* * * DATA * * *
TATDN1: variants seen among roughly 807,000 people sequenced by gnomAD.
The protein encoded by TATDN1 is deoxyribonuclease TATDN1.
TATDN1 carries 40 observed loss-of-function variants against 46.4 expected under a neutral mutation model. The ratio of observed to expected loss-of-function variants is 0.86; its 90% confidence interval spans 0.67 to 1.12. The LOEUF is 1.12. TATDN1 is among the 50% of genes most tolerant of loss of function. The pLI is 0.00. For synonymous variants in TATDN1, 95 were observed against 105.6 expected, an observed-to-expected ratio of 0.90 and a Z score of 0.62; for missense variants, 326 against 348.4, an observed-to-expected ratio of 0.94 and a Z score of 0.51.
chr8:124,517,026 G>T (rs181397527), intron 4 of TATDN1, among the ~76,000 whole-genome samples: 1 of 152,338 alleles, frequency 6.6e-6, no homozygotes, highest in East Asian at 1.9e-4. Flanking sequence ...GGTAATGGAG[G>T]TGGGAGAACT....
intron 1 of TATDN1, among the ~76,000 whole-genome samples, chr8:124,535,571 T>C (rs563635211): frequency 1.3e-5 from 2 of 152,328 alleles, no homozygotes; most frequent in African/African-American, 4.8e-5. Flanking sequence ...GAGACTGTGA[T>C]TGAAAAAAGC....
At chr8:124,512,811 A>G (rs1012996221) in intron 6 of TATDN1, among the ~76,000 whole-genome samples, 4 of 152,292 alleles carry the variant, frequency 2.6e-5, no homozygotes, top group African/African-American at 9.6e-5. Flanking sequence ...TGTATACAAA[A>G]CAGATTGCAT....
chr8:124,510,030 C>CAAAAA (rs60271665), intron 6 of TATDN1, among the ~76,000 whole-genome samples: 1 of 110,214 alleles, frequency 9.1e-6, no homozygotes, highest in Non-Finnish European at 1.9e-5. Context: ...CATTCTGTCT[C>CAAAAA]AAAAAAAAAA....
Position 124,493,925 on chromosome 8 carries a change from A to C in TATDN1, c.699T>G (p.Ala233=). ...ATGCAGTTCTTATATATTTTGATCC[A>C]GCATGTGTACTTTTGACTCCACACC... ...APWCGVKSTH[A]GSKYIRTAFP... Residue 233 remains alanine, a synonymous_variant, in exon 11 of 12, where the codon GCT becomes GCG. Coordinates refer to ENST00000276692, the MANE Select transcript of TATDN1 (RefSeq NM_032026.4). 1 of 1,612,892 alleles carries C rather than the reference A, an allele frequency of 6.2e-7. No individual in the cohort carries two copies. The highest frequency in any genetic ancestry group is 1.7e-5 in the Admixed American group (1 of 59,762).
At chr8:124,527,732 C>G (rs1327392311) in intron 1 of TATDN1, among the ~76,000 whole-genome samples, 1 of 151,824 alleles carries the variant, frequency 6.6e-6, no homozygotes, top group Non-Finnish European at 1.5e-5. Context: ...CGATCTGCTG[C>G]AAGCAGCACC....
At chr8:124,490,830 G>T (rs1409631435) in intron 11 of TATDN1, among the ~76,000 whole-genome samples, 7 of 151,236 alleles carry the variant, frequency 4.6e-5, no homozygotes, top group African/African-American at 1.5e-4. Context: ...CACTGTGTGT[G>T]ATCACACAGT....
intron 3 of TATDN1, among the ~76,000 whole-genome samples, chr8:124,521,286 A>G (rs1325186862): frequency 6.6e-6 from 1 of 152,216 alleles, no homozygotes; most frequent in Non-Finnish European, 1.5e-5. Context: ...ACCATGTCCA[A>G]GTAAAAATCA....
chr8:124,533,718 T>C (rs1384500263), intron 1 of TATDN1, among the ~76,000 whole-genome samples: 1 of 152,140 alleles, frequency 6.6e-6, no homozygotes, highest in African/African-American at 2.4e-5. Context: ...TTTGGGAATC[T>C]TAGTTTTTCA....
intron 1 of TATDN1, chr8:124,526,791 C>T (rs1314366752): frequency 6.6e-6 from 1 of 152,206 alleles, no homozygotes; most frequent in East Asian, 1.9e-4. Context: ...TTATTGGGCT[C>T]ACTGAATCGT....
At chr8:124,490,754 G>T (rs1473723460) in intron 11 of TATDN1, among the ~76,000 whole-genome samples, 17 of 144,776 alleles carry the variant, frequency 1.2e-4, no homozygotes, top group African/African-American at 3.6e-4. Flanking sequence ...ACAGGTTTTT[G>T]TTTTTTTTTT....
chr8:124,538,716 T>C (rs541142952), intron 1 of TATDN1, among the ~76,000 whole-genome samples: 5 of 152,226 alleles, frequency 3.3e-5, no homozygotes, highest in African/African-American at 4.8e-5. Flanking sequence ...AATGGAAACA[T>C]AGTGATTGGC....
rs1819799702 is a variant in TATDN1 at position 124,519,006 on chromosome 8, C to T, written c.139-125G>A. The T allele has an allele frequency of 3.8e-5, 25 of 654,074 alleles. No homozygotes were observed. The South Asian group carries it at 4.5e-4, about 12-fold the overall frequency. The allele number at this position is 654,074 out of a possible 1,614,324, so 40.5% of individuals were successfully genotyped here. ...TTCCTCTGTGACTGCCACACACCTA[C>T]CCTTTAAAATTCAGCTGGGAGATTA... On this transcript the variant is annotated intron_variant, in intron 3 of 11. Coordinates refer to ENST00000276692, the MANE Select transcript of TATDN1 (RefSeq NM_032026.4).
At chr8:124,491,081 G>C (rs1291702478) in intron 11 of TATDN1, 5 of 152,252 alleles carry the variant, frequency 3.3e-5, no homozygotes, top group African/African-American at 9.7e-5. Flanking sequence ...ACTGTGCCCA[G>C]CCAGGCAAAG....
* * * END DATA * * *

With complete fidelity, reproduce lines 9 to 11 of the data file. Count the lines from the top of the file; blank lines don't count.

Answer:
At chr8:124,527,732 C>G (rs1327392311) in intron 1 of TATDN1, among the ~76,000 whole-genome samples, 1 of 151,824 alleles carries the variant, frequency 6.6e-6, no homozygotes, top group Non-Finnish European at 1.5e-5. Context: ...CGATCTGCTG[C>G]AAGCAGCACC....
At chr8:124,490,830 G>T (rs1409631435) in intron 11 of TATDN1, among the ~76,000 whole-genome samples, 7 of 151,236 alleles carry the variant, frequency 4.6e-5, no homozygotes, top group African/African-American at 1.5e-4. Context: ...CACTGTGTGT[G>T]ATCACACAGT....
intron 3 of TATDN1, among the ~76,000 whole-genome samples, chr8:124,521,286 A>G (rs1325186862): frequency 6.6e-6 from 1 of 152,216 alleles, no homozygotes; most frequent in Non-Finnish European, 1.5e-5. Context: ...ACCATGTCCA[A>G]GTAAAAATCA....